Desmond Kane

Out of the freezer and into frying pan for AVB

Desmond Kane

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Forget last night's trip to the Arctic Circle, High Noon on Sunday is where it all goes down for Andre Villas-Boas. One way or another, Tottenham must stand and deliver against Manchester United. Or risk seeing their manager go up in flames.

AVB stood for A Very Bad week before the Portuguese martinet was forced to oversee last night's Europa League dead rubber against Tromso at the minute Alfheim Stadion in Norway.

Tottenham won 2-0 against (very) limited opposition to validate their progression to the tournament’s last 32 as unblemished, unbeaten Group K winners. It probably sounds better than it was.

Tromso are a team wallowing in the chill of relegation from Norway’s top tier only a few weeks ago, a side who had managed just five shots on target in their Europa League section before last night’s frozen get-together. Without sounding as blunt as Roberto Soldado, Tottenham should be dispensing with such lowly opposition.

The result and performance means little amid Tottenham’s grand designs. Only defeat would have gnawed at the soul of the hardy bunch of visiting fans.

In a part of the world where darkness descends over the locals in early afternoon, at least there seemed to be somewhere to hide for AVB if he needed it.

There will be no such refuge back at White Hart Lane on Sunday.

Being bludgeoned 6-0 by Manchester City in Manchester can be shrugged off as a freak result, but only if you quickly atone for your sins.

A similar shredding by United in London will make AVB’s prospects of surviving beyond Monday seem fanciful.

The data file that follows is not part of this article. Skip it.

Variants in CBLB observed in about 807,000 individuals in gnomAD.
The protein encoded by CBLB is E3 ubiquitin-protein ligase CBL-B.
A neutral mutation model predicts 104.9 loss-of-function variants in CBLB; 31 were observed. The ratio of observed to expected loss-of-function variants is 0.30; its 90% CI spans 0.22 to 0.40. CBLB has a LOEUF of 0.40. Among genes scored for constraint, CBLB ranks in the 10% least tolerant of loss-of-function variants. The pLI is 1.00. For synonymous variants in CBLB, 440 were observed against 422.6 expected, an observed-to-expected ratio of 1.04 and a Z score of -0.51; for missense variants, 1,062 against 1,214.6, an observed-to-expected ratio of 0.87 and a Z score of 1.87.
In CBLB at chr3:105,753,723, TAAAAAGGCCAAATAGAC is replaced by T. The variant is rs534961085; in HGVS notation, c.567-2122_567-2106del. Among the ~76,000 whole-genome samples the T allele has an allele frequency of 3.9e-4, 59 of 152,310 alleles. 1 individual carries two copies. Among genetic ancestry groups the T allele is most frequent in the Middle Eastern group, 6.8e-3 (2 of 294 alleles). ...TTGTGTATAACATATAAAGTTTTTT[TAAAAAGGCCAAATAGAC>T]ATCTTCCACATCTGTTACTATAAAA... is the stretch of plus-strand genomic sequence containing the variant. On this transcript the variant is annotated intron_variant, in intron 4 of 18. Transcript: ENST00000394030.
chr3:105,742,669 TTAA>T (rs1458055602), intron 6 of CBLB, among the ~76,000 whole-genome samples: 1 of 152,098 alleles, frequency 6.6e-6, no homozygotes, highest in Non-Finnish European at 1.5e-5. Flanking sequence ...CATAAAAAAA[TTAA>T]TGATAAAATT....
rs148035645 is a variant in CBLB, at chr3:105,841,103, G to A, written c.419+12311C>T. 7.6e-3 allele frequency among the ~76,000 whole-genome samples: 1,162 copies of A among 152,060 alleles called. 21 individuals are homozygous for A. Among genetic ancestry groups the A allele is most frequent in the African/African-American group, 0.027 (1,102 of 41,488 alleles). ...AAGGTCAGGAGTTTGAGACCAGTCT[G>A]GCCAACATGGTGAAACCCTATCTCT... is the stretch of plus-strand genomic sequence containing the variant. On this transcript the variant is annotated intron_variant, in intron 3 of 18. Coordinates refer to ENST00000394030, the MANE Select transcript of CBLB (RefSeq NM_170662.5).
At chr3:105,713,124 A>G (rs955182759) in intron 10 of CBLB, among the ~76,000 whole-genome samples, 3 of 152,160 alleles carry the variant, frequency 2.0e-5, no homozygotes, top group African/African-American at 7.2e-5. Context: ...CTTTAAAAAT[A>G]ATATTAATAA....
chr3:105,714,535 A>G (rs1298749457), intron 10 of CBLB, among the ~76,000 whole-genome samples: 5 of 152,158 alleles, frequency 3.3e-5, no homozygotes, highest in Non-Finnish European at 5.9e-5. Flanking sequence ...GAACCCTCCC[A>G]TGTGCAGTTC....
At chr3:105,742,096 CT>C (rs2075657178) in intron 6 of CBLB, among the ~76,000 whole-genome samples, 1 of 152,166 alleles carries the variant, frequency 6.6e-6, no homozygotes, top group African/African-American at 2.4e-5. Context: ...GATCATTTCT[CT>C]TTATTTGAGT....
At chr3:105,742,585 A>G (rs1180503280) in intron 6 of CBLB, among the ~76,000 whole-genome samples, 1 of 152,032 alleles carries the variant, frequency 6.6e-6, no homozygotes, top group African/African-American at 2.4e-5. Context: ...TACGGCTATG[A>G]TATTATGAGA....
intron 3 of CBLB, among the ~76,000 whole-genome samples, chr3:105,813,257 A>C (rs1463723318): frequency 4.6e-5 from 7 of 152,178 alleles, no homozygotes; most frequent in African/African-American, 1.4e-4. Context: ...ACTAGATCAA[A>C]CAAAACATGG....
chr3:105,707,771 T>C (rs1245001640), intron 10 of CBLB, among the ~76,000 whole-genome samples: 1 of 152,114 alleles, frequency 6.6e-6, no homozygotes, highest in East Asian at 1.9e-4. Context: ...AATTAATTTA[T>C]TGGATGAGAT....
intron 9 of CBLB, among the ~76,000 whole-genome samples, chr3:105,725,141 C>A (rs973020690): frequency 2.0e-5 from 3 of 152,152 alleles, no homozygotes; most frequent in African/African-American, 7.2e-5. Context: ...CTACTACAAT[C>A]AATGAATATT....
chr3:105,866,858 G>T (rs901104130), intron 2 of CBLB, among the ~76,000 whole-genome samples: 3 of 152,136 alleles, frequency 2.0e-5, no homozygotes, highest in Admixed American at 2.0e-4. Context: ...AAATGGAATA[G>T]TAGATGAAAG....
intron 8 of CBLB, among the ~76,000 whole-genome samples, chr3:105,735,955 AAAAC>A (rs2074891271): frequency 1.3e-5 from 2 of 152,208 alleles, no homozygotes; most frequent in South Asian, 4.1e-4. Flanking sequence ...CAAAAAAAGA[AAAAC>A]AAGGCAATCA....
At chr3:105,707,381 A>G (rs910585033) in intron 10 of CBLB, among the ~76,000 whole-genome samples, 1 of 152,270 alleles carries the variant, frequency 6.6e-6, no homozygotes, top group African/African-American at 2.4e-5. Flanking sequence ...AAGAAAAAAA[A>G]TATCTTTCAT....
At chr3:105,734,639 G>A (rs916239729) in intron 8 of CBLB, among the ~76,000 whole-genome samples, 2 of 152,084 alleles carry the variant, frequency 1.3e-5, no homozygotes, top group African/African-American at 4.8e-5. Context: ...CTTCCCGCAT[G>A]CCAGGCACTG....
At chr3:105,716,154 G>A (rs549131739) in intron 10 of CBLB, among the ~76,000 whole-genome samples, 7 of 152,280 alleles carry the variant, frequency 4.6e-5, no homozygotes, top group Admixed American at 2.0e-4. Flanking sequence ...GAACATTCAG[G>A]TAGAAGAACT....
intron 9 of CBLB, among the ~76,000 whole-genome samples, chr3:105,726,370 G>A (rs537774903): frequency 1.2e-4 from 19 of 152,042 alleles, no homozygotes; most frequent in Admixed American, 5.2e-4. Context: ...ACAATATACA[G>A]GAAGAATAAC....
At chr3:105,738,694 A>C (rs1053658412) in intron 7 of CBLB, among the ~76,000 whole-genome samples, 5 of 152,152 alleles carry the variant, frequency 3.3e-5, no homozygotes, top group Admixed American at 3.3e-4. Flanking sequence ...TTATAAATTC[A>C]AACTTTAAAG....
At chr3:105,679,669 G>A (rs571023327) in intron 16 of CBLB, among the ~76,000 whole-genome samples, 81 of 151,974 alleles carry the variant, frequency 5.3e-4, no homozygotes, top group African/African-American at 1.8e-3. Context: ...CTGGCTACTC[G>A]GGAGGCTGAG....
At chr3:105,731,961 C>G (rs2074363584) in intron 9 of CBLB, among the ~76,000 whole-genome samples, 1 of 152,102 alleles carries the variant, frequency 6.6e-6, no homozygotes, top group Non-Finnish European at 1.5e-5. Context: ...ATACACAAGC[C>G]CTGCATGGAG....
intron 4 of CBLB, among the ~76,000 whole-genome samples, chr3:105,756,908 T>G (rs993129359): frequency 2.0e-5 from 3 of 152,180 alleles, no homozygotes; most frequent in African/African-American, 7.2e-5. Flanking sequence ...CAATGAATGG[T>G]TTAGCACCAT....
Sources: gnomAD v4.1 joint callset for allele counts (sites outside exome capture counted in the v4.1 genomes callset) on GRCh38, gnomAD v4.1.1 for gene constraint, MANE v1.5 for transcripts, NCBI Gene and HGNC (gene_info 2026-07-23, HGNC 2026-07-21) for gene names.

It is not like it could not happen with West Ham United and Newcastle United recently discovering discrepancies in AVB's somewhat laboured methods by making off with three points despite never attaining greatness.

Just think. If United can ride roughshod over Bayer Leverkusen 5-0 in the Champions League, an outfit perched second behind Bayern Munich in the Bundesliga, they certainly possess the ability to dole out a similar beating to a Tottenham side who are nothing but unconvincing.

It was not meant to be like this for AVB's Spurs at the start of the season. Not when they had sprinkled around £100m of gold dust over their squad to replace the £85m hole left by the sale of Gareth Bale to Real Madrid.

Men like the hoary old former owner Alan Sugar were yesterday emerging from the shadows to declare the AVB project a gamble that has failed.

Sugar has apparently been "dreaming" of Sir Alex Ferguson taking over. One suspects it might take more than a sweetener in his whiskey to persuade Fergie to become Tottenham manager.

But there will be other candidates circling, like lynx looking for fresh meat near Tromso, if AVB’s side become a carcass for a second Sunday in a row.

"I think it is pretty fair with the record he (Ferguson) has, he will be a pretty good manager in every club in the world,” said Villas-Boas.